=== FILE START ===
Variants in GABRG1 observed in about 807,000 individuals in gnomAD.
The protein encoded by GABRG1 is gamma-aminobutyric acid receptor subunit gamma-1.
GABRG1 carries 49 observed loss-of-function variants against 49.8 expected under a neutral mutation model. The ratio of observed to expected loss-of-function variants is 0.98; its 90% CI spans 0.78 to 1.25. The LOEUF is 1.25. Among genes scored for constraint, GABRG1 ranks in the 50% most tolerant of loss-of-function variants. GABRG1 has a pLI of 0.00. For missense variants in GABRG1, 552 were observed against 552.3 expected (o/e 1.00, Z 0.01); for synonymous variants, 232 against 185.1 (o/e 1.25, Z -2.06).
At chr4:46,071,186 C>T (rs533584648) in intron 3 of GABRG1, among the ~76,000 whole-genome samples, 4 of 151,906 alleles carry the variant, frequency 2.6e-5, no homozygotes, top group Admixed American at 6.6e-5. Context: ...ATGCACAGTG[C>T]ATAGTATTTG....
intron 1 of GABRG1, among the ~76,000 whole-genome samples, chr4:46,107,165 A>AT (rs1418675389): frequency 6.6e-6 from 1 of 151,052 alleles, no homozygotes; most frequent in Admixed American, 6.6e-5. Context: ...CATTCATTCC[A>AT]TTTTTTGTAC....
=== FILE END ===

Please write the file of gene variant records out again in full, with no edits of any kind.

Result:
Variants in GABRG1 observed in about 807,000 individuals in gnomAD.
The protein encoded by GABRG1 is gamma-aminobutyric acid receptor subunit gamma-1.
GABRG1 carries 49 observed loss-of-function variants against 49.8 expected under a neutral mutation model. The ratio of observed to expected loss-of-function variants is 0.98; its 90% CI spans 0.78 to 1.25. The LOEUF is 1.25. Among genes scored for constraint, GABRG1 ranks in the 50% most tolerant of loss-of-function variants. GABRG1 has a pLI of 0.00. For missense variants in GABRG1, 552 were observed against 552.3 expected (o/e 1.00, Z 0.01); for synonymous variants, 232 against 185.1 (o/e 1.25, Z -2.06).
At chr4:46,071,186 C>T (rs533584648) in intron 3 of GABRG1, among the ~76,000 whole-genome samples, 4 of 151,906 alleles carry the variant, frequency 2.6e-5, no homozygotes, top group Admixed American at 6.6e-5. Context: ...ATGCACAGTG[C>T]ATAGTATTTG....
intron 1 of GABRG1, among the ~76,000 whole-genome samples, chr4:46,107,165 A>AT (rs1418675389): frequency 6.6e-6 from 1 of 151,052 alleles, no homozygotes; most frequent in Admixed American, 6.6e-5. Context: ...CATTCATTCC[A>AT]TTTTTTGTAC....